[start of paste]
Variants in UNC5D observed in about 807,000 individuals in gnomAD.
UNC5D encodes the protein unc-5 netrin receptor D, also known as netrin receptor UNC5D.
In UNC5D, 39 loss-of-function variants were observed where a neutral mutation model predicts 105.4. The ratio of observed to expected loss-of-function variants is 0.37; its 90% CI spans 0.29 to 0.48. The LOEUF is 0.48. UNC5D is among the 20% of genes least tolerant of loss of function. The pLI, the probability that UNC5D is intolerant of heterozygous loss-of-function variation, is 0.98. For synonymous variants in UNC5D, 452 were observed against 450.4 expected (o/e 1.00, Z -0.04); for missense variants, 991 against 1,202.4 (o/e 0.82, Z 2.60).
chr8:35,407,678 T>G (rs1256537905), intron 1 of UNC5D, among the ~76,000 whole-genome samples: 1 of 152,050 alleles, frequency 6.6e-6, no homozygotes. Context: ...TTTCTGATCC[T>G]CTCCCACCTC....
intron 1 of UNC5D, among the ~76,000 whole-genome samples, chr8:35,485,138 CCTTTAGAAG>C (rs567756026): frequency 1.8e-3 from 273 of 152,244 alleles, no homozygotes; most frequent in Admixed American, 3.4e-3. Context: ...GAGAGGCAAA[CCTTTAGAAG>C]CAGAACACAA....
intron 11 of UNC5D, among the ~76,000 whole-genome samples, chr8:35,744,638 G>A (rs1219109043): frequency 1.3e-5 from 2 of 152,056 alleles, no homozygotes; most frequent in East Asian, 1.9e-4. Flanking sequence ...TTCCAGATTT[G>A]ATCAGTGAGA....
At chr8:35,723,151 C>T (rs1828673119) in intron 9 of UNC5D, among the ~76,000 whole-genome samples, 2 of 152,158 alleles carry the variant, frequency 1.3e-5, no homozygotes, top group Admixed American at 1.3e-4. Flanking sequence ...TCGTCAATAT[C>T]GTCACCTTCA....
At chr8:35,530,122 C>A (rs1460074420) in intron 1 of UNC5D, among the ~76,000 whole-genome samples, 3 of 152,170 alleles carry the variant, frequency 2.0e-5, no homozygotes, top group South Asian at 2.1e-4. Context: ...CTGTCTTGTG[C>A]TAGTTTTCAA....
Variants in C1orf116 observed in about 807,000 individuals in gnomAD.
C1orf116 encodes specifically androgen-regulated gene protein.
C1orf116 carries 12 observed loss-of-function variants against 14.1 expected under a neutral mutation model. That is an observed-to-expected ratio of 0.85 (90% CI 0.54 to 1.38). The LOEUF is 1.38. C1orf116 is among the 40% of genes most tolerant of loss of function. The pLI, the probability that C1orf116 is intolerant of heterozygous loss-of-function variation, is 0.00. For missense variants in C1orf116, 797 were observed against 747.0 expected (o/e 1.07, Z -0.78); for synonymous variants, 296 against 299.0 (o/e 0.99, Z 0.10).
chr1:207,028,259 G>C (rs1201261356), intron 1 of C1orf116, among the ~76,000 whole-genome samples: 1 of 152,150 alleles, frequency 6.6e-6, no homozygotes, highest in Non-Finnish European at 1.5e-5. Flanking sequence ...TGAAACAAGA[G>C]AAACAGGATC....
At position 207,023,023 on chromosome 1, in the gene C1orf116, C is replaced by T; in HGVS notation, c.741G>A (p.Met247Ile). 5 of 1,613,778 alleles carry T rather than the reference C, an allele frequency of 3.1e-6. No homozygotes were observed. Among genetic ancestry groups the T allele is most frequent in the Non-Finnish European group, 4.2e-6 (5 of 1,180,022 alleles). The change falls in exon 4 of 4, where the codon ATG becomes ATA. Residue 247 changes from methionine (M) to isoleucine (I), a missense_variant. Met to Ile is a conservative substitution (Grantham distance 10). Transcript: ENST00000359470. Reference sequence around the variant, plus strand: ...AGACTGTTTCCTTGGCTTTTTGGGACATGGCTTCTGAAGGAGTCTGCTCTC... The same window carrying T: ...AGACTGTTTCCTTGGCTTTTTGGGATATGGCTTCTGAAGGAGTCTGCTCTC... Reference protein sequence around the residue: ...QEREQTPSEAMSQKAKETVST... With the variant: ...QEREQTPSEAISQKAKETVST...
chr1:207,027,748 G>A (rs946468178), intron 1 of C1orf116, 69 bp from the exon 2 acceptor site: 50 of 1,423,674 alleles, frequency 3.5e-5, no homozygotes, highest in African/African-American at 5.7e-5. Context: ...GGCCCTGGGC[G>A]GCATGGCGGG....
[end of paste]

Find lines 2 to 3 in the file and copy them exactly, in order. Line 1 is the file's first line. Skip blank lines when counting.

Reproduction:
UNC5D encodes the protein unc-5 netrin receptor D, also known as netrin receptor UNC5D.
In UNC5D, 39 loss-of-function variants were observed where a neutral mutation model predicts 105.4. The ratio of observed to expected loss-of-function variants is 0.37; its 90% CI spans 0.29 to 0.48. The LOEUF is 0.48. UNC5D is among the 20% of genes least tolerant of loss of function. The pLI, the probability that UNC5D is intolerant of heterozygous loss-of-function variation, is 0.98. For synonymous variants in UNC5D, 452 were observed against 450.4 expected (o/e 1.00, Z -0.04); for missense variants, 991 against 1,202.4 (o/e 0.82, Z 2.60).